A ride up and down the river on a shared boat runs about 40 pesos ($2.14) per person, or you can rent an entire boat with a group for about 350 pesos ($18.70) /hour. You can also join a tour, which takes in other sights of the city, provides transportation, plus the Xochimilco boat ride.
11. Check out the Soumaya Museum
Focusing almost entirely on European and Central American art, the Soumaya Museum in Mexico City is distinct for a few reasons.
Its impressive 66,000 piece collection was donated entirely by one man (Carlos Slim), the building itself is bizarre and worthy of photographing, and admission is always free.
12. Visit The Palacio de Bellas Artes
Though it is home to Mexico’s premier fine arts collection and regularly hosts operas and theatre performances, the Palacio de Bellas Artes is primarily known for one thing: the building’s impressive and beautiful facade.
Though I highly recommend stepping inside and admiring the art, definitely plan on being distracted on the palace’s exterior for a bit.
The Palacio de Bellas Artes is open from 10am – 6pm every day except for Monday, and it costs 60 pesos to enter.
13. Stroll Through Alameda Central
Located right next door to the Palacio de Bellas Artes, Alameda Central is a beautiful, shaded park, perfect for walking around or resting on a bench in the shade.
Alameda Central is impeccably and purposely laid out, and as it was founded in 1592, also boasts the distinction of being the oldest public park in the Americas!
14. Admire Mexico City From Above
The observation deck of Torre Latinoamericana is home to the best view of Mexico City. It’s on top of this tower that I was first able to fully appreciate the sheer size of the sprawl that makes up Mexico City.
Definitely make sure you add this to your list of things to do in Mexico City — even with only a few days in Mexico City, it’s a must-do while you’re there.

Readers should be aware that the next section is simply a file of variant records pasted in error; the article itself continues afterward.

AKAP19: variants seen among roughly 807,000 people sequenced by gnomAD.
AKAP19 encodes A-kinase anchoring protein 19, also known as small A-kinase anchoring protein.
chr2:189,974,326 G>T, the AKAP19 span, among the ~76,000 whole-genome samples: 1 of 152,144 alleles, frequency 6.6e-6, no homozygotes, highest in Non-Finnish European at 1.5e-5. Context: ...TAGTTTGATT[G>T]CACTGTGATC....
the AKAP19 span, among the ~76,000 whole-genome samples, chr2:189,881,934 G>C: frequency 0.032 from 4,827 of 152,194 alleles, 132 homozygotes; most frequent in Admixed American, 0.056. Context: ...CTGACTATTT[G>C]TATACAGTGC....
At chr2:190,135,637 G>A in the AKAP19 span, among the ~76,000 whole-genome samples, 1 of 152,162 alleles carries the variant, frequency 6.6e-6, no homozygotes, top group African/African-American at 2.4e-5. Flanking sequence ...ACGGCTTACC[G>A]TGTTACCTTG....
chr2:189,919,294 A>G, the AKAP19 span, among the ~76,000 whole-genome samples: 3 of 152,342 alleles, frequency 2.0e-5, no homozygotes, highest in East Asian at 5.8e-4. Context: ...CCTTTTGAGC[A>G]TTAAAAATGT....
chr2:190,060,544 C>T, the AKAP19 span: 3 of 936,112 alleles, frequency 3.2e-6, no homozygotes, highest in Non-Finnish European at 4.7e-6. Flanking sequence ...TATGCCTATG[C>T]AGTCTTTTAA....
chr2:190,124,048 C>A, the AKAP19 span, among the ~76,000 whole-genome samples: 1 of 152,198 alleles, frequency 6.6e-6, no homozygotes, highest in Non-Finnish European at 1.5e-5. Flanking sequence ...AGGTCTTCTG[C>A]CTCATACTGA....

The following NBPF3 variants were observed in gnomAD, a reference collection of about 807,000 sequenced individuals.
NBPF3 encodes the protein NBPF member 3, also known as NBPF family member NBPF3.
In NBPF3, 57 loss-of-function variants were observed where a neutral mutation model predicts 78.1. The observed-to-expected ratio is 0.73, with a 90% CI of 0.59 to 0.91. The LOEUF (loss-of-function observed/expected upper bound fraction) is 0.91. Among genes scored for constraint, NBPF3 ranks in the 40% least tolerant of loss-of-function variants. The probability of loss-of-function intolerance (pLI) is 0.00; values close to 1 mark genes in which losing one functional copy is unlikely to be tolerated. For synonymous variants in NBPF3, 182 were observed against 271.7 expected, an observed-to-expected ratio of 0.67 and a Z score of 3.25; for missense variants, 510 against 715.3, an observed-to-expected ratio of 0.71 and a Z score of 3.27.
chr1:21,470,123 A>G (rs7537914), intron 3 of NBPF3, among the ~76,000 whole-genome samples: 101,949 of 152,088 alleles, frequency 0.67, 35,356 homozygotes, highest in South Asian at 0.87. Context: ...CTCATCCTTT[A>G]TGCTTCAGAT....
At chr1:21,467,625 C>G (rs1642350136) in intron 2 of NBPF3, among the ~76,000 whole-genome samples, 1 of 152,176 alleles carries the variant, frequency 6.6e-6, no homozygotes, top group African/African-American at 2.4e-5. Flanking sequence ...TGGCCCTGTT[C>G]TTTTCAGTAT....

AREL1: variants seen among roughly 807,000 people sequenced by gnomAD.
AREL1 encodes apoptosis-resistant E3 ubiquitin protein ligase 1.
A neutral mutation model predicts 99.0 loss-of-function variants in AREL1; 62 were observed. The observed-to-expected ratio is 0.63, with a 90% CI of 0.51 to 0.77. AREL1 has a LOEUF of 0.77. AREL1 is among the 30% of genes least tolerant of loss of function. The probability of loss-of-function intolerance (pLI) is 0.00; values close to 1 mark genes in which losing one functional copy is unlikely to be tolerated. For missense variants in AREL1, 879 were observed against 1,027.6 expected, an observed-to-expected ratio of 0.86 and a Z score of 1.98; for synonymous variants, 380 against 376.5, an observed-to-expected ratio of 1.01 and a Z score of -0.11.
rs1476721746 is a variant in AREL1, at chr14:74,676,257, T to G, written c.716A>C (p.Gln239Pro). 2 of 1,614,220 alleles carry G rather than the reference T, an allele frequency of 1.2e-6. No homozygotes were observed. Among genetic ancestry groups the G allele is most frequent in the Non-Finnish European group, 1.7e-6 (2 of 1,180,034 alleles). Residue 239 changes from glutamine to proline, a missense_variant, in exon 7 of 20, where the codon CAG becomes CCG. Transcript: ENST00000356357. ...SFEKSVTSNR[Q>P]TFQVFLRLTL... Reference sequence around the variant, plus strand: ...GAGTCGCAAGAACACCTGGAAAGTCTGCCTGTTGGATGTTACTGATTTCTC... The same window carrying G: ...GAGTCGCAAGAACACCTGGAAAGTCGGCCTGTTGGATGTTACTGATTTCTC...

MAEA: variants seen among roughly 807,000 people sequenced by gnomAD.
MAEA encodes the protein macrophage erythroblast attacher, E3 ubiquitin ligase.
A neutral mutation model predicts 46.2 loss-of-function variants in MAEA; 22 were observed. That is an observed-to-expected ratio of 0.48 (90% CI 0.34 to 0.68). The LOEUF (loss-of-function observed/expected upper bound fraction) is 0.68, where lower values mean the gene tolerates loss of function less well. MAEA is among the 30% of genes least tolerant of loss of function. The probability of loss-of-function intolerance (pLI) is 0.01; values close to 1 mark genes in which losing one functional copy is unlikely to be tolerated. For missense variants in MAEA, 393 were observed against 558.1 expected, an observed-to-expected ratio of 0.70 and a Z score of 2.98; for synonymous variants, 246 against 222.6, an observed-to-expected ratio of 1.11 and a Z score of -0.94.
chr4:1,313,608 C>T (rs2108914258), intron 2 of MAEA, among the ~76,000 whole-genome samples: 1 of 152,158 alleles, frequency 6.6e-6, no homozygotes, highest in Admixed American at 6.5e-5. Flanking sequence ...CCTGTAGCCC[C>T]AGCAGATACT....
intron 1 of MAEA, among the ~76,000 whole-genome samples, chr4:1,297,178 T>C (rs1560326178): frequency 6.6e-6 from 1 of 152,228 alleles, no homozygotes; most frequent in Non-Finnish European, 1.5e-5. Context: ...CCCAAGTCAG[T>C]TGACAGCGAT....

The Torre Latinoamericana is open every day from 9am – 10pm, and costs 70 pesos ($3.75) to enter.
15. Visit the House of Tiles
Blue and white and beautiful to photograph, the House of Tiles is worth a stop whether or not you plan to eat there. The exterior alone (plus its close proximity to the Torre Latinoamericana) is enough of a reason to visit.
16. Devour Some Street Food
No trip to Mexico City would be complete without plenty of street food. And, if you’re backpacking Mexico on a budget, you’ll definitely eat your fair share of it – which is a good thing!
Mexico City is known for its vibrant street food scene, and you’ll find everything from freshly fried potato chips to tamales available from tiny stalls that will beckon you with each sizzle of the stovetop.
My personal favourite street food in Mexico City is tacos al pastor.
Made of meat similar to a Turkish kebab or Greek gyro (tacos al pastor were actually invented by Lebanese immigrants to Mexico that brought shawarma with them), these inexpensive and delicious tacos are typically served up on corn tortillas and topped with chopped red onions and lime juice.
Sampling local food is definitely one of the best things to do in Mexico City. If you’d rather head out on a food tour with a local who knows the best spots, click here.
Eating street food is one of the best things to do in Mexico city in the morning, afternoon or at night…basically, anytime!
17. Walk Through Roma & Condesa
If you’re looking for trendy cafes and cups of coffee galore, you need to add visiting Roma & Condesa to your list of things to do in Mexico City (in fact, you might even want to pick a hotel that is in that area).
These neighborhoods are known for their hipster vibe, a plethora of cafes, tree-lined streets, and excellent coffee. There are many fun things to do at night in Mexico City in the Roma and Condesa areas.
For digital nomads living in Mexico City, these two neighbourhoods offer great accommodations, many cafes, coworking spaces, and all the amenities a remote worker could need.
18. Check out Frida Kahlo’s House
If you’re a fan of the history of Frida Kahlo or her husband Diego Rivera, don’t miss a visit to the Frida Kahlo house while you’re in Mexico City!
Also known as “The Blue House”, the home tells the story of Frida Kahlo (she lived there most of her life, including her childhood), and though not much of her art is on display here, her history is. You can find it here on the map.